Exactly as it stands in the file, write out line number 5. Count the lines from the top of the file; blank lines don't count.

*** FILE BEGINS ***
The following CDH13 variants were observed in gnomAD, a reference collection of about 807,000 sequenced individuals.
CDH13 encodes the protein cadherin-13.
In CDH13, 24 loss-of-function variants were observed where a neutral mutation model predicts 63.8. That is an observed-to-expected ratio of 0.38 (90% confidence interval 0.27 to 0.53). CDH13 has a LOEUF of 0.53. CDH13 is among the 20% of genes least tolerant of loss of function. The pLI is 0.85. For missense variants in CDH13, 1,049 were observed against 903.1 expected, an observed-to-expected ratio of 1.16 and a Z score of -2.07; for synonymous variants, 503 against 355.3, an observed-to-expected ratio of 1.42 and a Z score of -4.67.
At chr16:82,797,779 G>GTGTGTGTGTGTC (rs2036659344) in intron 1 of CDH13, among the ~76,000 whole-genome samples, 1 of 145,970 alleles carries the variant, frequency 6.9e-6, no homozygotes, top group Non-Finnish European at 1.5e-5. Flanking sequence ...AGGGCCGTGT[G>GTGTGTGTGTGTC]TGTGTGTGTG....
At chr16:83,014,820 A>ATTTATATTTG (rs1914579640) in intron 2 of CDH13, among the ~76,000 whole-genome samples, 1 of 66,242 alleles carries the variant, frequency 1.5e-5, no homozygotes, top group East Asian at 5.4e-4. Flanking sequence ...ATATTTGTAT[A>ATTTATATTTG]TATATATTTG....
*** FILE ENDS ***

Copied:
At chr16:83,014,820 A>ATTTATATTTG (rs1914579640) in intron 2 of CDH13, among the ~76,000 whole-genome samples, 1 of 66,242 alleles carries the variant, frequency 1.5e-5, no homozygotes, top group East Asian at 5.4e-4. Flanking sequence ...ATATTTGTAT[A>ATTTATATTTG]TATATATTTG....